Ncrack is a high-speed network authentication cracking tool. It was built to help companies secure their networks by proactively testing all their hosts and networking devices for poor passwords. Security professionals also rely on Ncrack when auditing their clients. Ncrack was designed using a modular approach, a command-line syntax similar to Nmap and a dynamic engine that can adapt its behaviour based on network feedback. It allows for rapid, yet reliable large-scale auditing of multiple hosts.
Ncrack Deployment & Configuration
Setup with custom files:
If you want to use your own files within the ncrack scan, you have to create a secret first:
Now we created a secret named "ncrack-lists". But before we can use the files, we have to install the ncrack ScanType:
This enables us now to refer to our files via
/ncrack/<file> in the scan.yaml.
For a full example on how to configure ncrack with your custom files against a ssh service, see the "dummy-ssh" example.
Basic setup (no files can be mounted):
The Ncrack ScanType can be deployed via helm:
Delete Ncrack ScanType:
The following security scan configuration example are based on the Ncrack Documentation, please take a look at the original documentation for more configuration examples.
This options summary is printed when Ncrack is run with no arguments. It helps people remember the most common options, but is no substitute for the in-depth documentation in the rest of this manual.
|image.repository||string||Container Image to run the scan|
|image.tag||string||defaults to the charts appVersion|
|parserImage.repository||string||Parser image repository|
|parserImage.tag||string||defaults to the charts version||Parser image tag|
|scannerJob.env||list||Optional environment variables mapped into each scanJob (see: https://kubernetes.io/docs/tasks/inject-data-application/define-environment-variable-container/)|
|scannerJob.extraContainers||list||Optional additional Containers started with each scanJob (see: https://kubernetes.io/docs/concepts/workloads/pods/init-containers/)|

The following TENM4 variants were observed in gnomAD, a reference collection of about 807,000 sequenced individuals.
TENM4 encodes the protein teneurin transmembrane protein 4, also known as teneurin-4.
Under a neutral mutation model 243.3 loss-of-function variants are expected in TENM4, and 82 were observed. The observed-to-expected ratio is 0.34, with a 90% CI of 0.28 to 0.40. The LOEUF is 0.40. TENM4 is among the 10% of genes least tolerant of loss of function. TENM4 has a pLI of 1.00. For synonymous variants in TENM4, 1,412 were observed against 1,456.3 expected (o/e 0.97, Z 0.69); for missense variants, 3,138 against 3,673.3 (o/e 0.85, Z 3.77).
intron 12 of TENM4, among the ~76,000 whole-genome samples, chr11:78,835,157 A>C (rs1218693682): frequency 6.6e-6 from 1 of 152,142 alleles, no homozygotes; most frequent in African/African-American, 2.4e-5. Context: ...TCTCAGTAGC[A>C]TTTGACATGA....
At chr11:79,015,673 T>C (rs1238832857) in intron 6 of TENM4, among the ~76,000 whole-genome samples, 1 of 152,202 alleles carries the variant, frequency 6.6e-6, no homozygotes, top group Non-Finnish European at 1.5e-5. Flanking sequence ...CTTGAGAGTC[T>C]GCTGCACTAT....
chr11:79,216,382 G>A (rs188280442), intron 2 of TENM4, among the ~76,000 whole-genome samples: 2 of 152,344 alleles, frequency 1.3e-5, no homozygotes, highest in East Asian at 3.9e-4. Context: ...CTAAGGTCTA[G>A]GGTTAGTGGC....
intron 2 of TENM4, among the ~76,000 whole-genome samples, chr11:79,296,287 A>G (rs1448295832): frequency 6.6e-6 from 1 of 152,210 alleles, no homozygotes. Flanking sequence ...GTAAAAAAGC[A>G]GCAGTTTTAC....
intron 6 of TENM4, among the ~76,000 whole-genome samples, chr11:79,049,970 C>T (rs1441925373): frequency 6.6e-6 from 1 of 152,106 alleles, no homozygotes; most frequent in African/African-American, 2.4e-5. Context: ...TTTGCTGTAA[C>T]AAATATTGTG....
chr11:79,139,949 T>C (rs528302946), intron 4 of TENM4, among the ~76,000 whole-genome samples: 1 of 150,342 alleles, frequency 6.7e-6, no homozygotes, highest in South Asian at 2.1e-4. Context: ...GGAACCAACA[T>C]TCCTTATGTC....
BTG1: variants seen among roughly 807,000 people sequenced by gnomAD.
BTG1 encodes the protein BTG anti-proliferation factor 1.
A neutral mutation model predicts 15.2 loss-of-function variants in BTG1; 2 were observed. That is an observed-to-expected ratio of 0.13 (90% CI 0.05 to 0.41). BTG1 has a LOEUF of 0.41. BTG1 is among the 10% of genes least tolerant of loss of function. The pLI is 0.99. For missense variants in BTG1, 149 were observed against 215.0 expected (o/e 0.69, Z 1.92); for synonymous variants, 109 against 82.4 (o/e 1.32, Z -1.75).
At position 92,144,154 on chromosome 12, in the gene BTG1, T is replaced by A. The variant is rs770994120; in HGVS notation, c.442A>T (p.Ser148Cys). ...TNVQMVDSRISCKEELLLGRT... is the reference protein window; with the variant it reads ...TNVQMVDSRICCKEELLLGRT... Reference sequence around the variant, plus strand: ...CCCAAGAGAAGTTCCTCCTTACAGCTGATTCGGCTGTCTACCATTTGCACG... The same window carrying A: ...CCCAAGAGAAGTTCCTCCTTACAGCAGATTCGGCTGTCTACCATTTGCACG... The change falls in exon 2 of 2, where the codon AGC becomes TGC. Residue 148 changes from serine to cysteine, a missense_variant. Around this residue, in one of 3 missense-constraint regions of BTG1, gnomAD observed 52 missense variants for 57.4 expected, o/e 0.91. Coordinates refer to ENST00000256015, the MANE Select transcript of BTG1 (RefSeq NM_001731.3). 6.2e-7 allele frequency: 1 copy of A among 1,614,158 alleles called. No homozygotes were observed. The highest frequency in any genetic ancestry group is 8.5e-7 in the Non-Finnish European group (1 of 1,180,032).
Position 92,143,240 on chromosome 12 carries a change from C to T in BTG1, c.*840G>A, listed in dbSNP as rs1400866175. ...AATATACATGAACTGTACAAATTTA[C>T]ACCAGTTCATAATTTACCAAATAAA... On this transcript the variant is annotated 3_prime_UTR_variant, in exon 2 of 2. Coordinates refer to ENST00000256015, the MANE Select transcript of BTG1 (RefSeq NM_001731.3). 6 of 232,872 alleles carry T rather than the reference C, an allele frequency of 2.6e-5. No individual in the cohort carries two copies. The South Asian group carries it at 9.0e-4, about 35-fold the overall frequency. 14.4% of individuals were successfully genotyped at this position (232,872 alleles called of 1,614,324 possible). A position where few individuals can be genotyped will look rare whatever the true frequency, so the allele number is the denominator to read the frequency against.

|scannerJob.extraVolumeMounts||list||Optional VolumeMounts mapped into each scanJob (see: https://kubernetes.io/docs/concepts/storage/volumes/)|
|scannerJob.extraVolumes||list||Optional Volumes mapped into each scanJob (see: https://kubernetes.io/docs/concepts/storage/volumes/)|
|scannerJob.resources||object||CPU/memory resource requests/limits (see: https://kubernetes.io/docs/tasks/configure-pod-container/assign-memory-resource/, https://kubernetes.io/docs/tasks/configure-pod-container/assign-cpu-resource/)|
|scannerJob.securityContext||object||Optional securityContext set on scanner container (see: https://kubernetes.io/docs/tasks/configure-pod-container/security-context/)|
|scannerJob.ttlSecondsAfterFinished||string||Defines how long the scanner job after finishing will be available (see: https://kubernetes.io/docs/concepts/workloads/controllers/ttlafterfinished/)|
🔧 The implementation is currently work-in-progress and still undergoing major changes. It'll be released here once it has stabilized.
In this example we execute an ncrack scan against the intentional vulnerable ssh service (dummy-ssh)
Initialize ncrack with lists and dummy-ssh
Before executing the scan, make sure to have dummy-ssh installed, and have the proper username & password lists:
After that you can execute the scan in this directory:
The scan should find credentials for username 'root' with password 'THEPASSWORDYOUCREATED'.
- Make sure to leave a blank line at the end of each file used in the secret!
- If printf doesn't create new lines, try 'echo -e "..."'
- You can show your existing secrets with 'kubectl get secrets'